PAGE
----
Lisa Rogoff

Lisa Rogoff (Survivor Corps in Rwanda): Lisa has spent much of her professional career promoting human rights. She earned a BA from Colgate University. She then worked for the U.S. Holocaust Memorial Museum’s Committee on Conscience where she produced Voices on Genocide Prevention, a weekly podcast. Lisa then worked at the ENOUGH Project, directing campaigns to raise awareness about the crises in Sudan, Congo and Uganda. Lisa returned to academia to pursue a joint-degree at Georgetown University’s School of Foreign Service and McDonough School of Business. While at Georgetown she worked at the Clinton Global Initiative, designing the Human Rights and Peace Track for the CGI’s second annual conference for university students. During her first year at graduate school, Lisa also worked with the Grassroots and Issues Management Team at APCO Worldwide, a global communications consulting firm. After her fellowship, Lisa wrote: "My experience in Rwanda has taught me the importance of flexibility. I’ve also seen the importance of empowering women...I don’t know that I’ve changed the way I look at myself, though I have come to understand just how fortunate I am to have been born in my circumstances. I have met so many wonderful and talented men and women in Rwanda who have been unable to realize their fullest potential because of their economic, social, or political situations.”



Don’t Stop the Music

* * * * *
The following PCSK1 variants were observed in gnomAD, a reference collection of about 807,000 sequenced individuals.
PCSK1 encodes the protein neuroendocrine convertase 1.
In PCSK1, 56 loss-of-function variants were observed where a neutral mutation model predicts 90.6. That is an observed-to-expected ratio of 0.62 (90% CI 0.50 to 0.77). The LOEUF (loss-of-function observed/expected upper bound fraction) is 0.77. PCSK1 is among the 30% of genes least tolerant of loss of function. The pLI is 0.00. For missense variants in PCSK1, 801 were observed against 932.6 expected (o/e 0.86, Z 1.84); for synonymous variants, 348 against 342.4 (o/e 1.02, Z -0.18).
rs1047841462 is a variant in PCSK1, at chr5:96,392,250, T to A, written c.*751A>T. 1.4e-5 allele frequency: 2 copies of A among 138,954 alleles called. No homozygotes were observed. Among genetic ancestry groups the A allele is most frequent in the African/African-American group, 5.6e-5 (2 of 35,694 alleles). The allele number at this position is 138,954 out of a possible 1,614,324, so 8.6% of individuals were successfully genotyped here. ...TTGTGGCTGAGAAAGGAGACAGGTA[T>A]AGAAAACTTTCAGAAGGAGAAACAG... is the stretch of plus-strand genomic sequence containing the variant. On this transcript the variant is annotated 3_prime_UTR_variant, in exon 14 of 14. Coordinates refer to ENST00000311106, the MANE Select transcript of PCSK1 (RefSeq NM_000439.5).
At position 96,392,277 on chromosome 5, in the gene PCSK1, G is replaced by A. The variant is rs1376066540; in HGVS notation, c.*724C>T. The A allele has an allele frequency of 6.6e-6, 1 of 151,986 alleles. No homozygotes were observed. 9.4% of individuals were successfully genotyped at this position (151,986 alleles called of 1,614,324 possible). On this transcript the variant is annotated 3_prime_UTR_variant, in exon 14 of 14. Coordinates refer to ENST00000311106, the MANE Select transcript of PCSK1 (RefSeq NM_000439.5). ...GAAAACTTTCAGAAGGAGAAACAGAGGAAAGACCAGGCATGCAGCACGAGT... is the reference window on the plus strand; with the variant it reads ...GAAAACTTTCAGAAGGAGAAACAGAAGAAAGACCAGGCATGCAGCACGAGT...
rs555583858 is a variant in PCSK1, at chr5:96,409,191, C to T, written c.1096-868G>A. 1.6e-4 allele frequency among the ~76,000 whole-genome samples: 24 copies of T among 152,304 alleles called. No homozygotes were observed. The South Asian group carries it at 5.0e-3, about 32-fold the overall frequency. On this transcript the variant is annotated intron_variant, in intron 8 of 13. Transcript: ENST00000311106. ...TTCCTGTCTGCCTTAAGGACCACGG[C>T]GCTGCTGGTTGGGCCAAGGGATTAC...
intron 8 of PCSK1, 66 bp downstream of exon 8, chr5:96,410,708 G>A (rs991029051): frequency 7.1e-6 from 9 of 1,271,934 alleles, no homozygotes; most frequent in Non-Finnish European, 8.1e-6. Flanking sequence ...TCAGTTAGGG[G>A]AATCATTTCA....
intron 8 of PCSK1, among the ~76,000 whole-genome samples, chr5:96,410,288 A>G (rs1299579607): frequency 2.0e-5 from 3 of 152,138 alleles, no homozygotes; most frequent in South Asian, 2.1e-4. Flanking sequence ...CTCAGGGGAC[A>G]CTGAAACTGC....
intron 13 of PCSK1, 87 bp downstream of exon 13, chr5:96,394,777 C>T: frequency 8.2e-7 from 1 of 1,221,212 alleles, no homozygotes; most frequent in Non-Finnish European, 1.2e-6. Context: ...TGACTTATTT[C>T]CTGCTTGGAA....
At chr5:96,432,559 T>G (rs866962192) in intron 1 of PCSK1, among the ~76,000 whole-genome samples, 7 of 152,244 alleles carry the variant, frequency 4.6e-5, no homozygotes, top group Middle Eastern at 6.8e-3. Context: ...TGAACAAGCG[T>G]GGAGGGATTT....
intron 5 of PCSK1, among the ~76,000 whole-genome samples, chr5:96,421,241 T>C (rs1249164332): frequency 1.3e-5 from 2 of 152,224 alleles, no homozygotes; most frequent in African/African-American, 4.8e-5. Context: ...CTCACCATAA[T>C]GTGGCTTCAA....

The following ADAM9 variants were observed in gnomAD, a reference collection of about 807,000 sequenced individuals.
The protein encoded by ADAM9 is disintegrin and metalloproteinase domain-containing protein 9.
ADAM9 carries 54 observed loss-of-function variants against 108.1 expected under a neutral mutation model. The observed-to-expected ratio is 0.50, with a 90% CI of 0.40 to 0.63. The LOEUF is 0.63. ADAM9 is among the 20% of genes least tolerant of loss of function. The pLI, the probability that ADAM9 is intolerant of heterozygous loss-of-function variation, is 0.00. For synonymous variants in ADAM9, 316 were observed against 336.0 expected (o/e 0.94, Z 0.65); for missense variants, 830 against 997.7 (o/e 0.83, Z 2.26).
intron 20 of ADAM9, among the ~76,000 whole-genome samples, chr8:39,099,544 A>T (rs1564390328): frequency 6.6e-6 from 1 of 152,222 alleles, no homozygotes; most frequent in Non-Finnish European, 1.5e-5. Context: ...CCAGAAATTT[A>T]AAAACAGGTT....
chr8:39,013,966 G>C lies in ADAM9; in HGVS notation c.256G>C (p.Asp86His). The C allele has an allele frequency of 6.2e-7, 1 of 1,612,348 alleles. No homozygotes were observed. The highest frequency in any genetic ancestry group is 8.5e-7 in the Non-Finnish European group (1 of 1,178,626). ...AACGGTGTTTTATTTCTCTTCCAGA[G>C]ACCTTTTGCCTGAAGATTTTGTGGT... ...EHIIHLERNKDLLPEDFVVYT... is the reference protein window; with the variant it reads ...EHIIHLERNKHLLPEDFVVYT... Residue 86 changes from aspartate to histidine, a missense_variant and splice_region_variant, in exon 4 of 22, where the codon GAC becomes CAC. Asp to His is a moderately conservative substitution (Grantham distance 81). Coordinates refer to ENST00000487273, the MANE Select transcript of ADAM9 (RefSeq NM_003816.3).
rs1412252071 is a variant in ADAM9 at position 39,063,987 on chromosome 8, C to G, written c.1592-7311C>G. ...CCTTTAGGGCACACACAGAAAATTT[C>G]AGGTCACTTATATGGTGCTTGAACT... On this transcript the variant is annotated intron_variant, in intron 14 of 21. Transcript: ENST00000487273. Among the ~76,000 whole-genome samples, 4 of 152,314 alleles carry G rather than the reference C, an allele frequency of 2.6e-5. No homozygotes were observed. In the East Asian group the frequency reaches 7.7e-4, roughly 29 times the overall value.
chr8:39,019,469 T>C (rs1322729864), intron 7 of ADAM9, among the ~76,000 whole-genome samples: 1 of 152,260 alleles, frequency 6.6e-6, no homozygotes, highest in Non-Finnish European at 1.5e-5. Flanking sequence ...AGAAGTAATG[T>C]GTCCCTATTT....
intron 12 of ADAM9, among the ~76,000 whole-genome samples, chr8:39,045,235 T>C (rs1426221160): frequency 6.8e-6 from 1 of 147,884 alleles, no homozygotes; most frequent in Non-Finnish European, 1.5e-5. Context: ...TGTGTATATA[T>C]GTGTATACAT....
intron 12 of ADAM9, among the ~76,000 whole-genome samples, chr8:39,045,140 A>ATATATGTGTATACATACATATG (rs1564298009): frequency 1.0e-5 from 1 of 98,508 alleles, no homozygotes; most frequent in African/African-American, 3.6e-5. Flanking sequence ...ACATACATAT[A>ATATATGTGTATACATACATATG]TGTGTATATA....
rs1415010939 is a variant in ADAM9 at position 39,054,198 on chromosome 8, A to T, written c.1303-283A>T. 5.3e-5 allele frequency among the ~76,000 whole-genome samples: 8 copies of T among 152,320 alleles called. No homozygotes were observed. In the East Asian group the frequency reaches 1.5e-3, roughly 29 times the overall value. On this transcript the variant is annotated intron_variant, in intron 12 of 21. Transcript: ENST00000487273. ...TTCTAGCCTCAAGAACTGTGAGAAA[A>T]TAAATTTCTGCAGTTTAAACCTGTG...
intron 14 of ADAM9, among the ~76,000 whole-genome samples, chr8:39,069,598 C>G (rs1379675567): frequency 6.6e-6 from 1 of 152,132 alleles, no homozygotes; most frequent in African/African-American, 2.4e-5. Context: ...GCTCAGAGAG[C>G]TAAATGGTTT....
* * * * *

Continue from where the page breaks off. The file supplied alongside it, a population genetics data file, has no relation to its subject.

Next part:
12 Jun

“Do you like hip hop?” Kabera (formerly known to blog readers as Jean-Paul; he told me this afternoon that he prefers to go by his family name, Kabera) asked me this morning as we waited for the slow Internet connection at AERG’s offices to upload his photos.

As Rihanna set the mood, we began to put together AERG’s first web site, a very simple google site that will allow Kabera and his colleagues to share information about their organization, post photos, and allow their members to share their testimonies with the world.

About an hour earlier, Kabera shared his story with my me.  We began our interview by discussing AERG’s mission and how he gained the position of national coordinator.  As the interview went on, we delved deeper and he told me about his own experiences during the genocide.  He spoke of the murder of his father at the very beginning of April; he had gone to the Church for refuge – “a place of God” – and then the massacre of his entire family when they were discovered hiding in the marshes.  They tried to kill him too, slashing his neck and leg with a machete, but he managed to survive.

“It is very difficult,” he said several times, “It is very difficult to talk about this.”  But he continued on; he wants to ensure that the world knows what happened to his family and to him.  He wants to ensure that it never happens again, in Rwanda, or anywhere in the world.

He talked of his new, “artificial” family, the family gained through AERG.  While he is the “father” of his organization, at his university, in his small “artificial” family of 12, he is a kid.  And he loves being a kid.

“Sometimes it is just fun to be a child,” he says with a smile.

The interview went on for close to an hour as Kabera shared the most difficult details of his story, the challenges he faces as the leader of AERG, and the hope he has for Rwanda’s reconciliation and peace.  I’m hoping to figure out how to edit the footage, and will hopefully get something resembling a video up soon.

Following the interview, he asked me about my family – if I have both of my parents, how many siblings I have, if I am married or have a boyfriend – and I felt guilty with each reply.  I think he sensed my discomfort, and chimed in, “I am very happy with my new family.  We provide each other with great love and care.”  He smiled and clicked on some Rwandan tunes.

Posted By Lisa Rogoff

Posted Jun 12th, 2009

Comments are closed

Enter your Comment

 

 

Fellows

2019
2018
2017
2016
2015
2014
2013
2012
2011
2010
2009
2008
2007
2006
2005
2004
2003